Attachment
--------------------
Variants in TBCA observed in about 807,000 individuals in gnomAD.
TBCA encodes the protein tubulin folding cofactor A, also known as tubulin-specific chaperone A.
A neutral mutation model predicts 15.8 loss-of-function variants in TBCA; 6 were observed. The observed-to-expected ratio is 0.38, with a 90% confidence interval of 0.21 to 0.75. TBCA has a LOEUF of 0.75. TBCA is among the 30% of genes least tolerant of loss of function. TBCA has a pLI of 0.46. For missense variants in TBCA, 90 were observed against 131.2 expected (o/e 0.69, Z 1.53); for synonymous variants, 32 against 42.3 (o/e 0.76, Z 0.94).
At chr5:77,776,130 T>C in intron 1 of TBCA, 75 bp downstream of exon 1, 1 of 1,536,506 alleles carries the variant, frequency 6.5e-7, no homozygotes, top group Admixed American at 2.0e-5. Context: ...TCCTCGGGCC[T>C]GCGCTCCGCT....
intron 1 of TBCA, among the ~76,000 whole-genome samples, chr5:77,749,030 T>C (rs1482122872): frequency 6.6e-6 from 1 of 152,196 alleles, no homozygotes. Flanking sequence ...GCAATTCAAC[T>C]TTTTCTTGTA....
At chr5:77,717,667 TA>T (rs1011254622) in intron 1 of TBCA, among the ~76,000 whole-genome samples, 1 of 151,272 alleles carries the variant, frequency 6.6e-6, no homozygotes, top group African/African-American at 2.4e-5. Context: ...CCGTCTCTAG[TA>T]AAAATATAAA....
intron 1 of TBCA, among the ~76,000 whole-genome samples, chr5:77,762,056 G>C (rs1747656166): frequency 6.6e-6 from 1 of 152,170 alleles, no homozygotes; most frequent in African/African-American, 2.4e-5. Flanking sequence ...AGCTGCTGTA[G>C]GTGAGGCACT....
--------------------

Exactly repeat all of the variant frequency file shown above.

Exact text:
Variants in TBCA observed in about 807,000 individuals in gnomAD.
TBCA encodes the protein tubulin folding cofactor A, also known as tubulin-specific chaperone A.
A neutral mutation model predicts 15.8 loss-of-function variants in TBCA; 6 were observed. The observed-to-expected ratio is 0.38, with a 90% confidence interval of 0.21 to 0.75. TBCA has a LOEUF of 0.75. TBCA is among the 30% of genes least tolerant of loss of function. TBCA has a pLI of 0.46. For missense variants in TBCA, 90 were observed against 131.2 expected (o/e 0.69, Z 1.53); for synonymous variants, 32 against 42.3 (o/e 0.76, Z 0.94).
At chr5:77,776,130 T>C in intron 1 of TBCA, 75 bp downstream of exon 1, 1 of 1,536,506 alleles carries the variant, frequency 6.5e-7, no homozygotes, top group Admixed American at 2.0e-5. Context: ...TCCTCGGGCC[T>C]GCGCTCCGCT....
intron 1 of TBCA, among the ~76,000 whole-genome samples, chr5:77,749,030 T>C (rs1482122872): frequency 6.6e-6 from 1 of 152,196 alleles, no homozygotes. Flanking sequence ...GCAATTCAAC[T>C]TTTTCTTGTA....
At chr5:77,717,667 TA>T (rs1011254622) in intron 1 of TBCA, among the ~76,000 whole-genome samples, 1 of 151,272 alleles carries the variant, frequency 6.6e-6, no homozygotes, top group African/African-American at 2.4e-5. Context: ...CCGTCTCTAG[TA>T]AAAATATAAA....
intron 1 of TBCA, among the ~76,000 whole-genome samples, chr5:77,762,056 G>C (rs1747656166): frequency 6.6e-6 from 1 of 152,170 alleles, no homozygotes; most frequent in African/African-American, 2.4e-5. Flanking sequence ...AGCTGCTGTA[G>C]GTGAGGCACT....